Eureka! Story of runaway Cuesta Grade truck is found

Posted by David Middlecamp on February 14, 2014 

This Aug. 7, 1953, photo shows a crane lifting a semi-trailer out of San Luis Creek at Nipomo Street.


The search for the runaway Cuesta Grade truck scrolls further backward through the Telegram-Tribune microfilm.

Feb. 2, 1954

The Lasar Building/Mission Garage was declared unsafe for occupancy, dilapidated and a dangerous fire hazard.

City building inspector Seth Kinney, city engineer Homer Hamlin, fire chief James Waldmeir and contractor Theo C. Maino all shared that opinion. Mayor Fred Lucksinger and the council voted to condemn the Lasar and another building at 662 Higuera St.

It appeared that the city was trying to upgrade the town.

As reported in earlier postings, no mention of a runaway truck causing the damage.

The 1950s were also a time of new construction, and in another story on the front page, San Luis Obispo County endorsed a plan by Monterey County to build Nacimento Dam.

Even though most of the water would be captured in San Luis Obispo County, the county to the north would pay for the dam and get the water. San Luis Obispo County leaders were careful to stipulate that the cost of the dam would be financed by Monterey.

Short-sighted in light of the state’s record-setting drought 50 years later in 2013. The county would later realize the mistake and assist in the development of San Antonio Lake to get some water rights back.

Aug. 29, 1953

New proposals were floated for safety on Cuesta Grade. California Highway Patrol Inspector K.C. Murphy suggested a turnout parking area at the top of the grade.

Road commissioner Kenneth Beck said that a committee was investigating potential locations for a runaway truck turnoff at the foot of the grade.

Given that 14 transportation and political leaders were involved there must have been something big that raised the issue, though the article makes no reference to an incident.

We must be getting close.

Aug. 7, 1953


A front-page photo shows a crane lifting a semi-trailer out of San Luis Creek at Nipomo street. This is two blocks beyond the Lasar building.

Surprisingly the trailer had been sitting in the creek for four months, as explained below.

A request to readers: If you have a photo of the accident you are willing to share, please contact me at

Coverage of the accident will republished in a future post; here is the Telegram-Tribune article from Aug. 7, 1953:

Undecorative Truck Trailer Removed from Creek at Last

A hot dog concession was all that was missing yesterday afternoon when workers spent two hours removing the 10-ton truck trailer from San Luis Creek on Nipomo Street.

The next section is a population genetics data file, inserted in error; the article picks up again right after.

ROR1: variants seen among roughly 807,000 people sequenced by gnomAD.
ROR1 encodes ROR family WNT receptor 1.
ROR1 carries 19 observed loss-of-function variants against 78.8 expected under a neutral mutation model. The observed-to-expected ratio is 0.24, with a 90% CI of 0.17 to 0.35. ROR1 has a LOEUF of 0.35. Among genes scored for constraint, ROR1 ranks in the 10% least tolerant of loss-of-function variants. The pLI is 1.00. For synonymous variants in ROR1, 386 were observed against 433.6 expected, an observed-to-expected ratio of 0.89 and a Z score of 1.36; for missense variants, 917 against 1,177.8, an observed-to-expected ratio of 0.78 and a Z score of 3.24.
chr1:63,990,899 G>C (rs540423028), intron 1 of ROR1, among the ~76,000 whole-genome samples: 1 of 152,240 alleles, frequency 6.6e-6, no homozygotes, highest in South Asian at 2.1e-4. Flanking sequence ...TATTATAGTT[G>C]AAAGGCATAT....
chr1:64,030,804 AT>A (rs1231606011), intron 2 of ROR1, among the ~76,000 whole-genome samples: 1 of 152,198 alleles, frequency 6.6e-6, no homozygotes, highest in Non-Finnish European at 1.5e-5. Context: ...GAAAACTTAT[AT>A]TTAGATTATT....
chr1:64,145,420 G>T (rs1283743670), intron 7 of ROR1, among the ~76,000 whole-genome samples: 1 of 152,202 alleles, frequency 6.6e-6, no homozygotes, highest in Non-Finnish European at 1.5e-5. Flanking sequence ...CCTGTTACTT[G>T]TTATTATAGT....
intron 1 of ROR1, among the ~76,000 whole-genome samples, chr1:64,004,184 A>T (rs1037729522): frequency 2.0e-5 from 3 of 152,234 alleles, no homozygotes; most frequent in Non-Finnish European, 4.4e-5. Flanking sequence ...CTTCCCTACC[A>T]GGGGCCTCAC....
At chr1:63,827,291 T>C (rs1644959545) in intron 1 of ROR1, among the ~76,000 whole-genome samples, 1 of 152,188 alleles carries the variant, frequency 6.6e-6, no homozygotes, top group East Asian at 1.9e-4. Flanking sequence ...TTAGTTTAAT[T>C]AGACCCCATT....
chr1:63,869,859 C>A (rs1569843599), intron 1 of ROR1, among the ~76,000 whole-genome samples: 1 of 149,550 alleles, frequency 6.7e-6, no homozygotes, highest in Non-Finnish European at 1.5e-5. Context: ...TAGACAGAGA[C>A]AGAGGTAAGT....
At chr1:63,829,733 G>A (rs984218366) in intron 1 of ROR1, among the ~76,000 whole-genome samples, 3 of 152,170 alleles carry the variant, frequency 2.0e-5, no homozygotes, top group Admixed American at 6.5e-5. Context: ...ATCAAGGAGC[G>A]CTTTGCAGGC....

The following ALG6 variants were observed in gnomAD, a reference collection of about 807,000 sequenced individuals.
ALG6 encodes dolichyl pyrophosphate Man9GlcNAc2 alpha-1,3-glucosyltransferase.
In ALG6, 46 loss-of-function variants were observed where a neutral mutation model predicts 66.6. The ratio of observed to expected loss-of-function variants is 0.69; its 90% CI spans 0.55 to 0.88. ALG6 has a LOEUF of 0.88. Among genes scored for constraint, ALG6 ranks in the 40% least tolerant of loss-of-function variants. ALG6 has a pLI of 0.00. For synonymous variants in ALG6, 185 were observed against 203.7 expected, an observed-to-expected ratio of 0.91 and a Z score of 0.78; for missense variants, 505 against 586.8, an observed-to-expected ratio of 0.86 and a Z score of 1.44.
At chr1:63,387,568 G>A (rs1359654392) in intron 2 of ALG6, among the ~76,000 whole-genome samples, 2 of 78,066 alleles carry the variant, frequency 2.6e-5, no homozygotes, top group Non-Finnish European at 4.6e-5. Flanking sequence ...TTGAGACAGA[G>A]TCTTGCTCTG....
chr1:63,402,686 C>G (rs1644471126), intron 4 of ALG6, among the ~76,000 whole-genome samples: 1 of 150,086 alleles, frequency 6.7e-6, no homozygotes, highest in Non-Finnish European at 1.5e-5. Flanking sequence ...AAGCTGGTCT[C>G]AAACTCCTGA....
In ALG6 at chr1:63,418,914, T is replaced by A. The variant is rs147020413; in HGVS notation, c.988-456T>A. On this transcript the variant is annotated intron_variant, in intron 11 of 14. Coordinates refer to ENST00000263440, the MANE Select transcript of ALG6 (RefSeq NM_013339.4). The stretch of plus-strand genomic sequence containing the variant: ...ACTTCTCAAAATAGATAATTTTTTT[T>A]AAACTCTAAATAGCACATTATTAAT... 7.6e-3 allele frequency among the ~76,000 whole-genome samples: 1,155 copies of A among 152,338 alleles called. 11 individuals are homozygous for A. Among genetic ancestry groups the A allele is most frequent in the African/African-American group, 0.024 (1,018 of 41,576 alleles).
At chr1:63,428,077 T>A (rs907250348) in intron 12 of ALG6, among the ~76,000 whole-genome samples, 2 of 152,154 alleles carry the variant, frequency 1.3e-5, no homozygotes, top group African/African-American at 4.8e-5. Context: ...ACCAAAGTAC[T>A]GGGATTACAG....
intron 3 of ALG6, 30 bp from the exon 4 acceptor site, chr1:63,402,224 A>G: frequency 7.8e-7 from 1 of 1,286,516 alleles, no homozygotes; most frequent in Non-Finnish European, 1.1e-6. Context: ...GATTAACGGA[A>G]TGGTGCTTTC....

City officials, policemen, photographers, radio interviewers and a large crowd of curious spectators milled around the scene while Santa Maria contractor R. McGray's men planned their strategy.

With the arrival of McGray and a second crane, the work of hoisting the large trailer from the creek and away from Nipomo Street bridge began.

Kids Toss Stones

Prior to its removal at 3 o'clock, children taunted policemen by tossing stones at the long-refrigerated hauler, which had rested in the creek since April 2, while city officials were being interviewed by a sidewalk reporter from one of the local radio stations. Moving picture cameras recorded the activities for possible future presentation on television and many armchair engineers could be heard voicing their suggested methods.

The crowd seemed almost disappointed when two cranes, working from opposite ends of the bridge, lifted the trailer out without mishap or further damage.

City attorney George Andre said he hopes to get the legal entanglement of who is to pay damages to the city bridge straightened out soon.

Until the liability is settled, the trailer will be stored.

Liability Headache

A fine-print clause in the Colorado trailer owner's liability insurance policy reportedly states that the insurance firm waives liability in case of transfer. The owner leased his equipment to trucker Harry Williams of Fort Dodge, Iowa.

Damages to the city have been estimated to be more than $2,000 to which will be added McGray's contract price of $240 for removing the trailer.

Robert Leitcher, local tax collector for the U.S. Department of Internal Revenue and owner of the warehouse parallel to San Luis Creek that was damaged by the accident, has not estimated his loss. A corner of his warehouse was destroyed when the truck and trailer hurtled over the bridge and into the creek.

The Tribune is pleased to provide this opportunity to share information, experiences and observations about what's in the news. Some of the comments may be reprinted elsewhere in the site or in the newspaper. We encourage lively, open debate on the issues of the day, and ask that you refrain from profanity, hate speech, personal comments and remarks that are off point. Thank you for taking the time to offer your thoughts.

Commenting FAQs | Terms of Service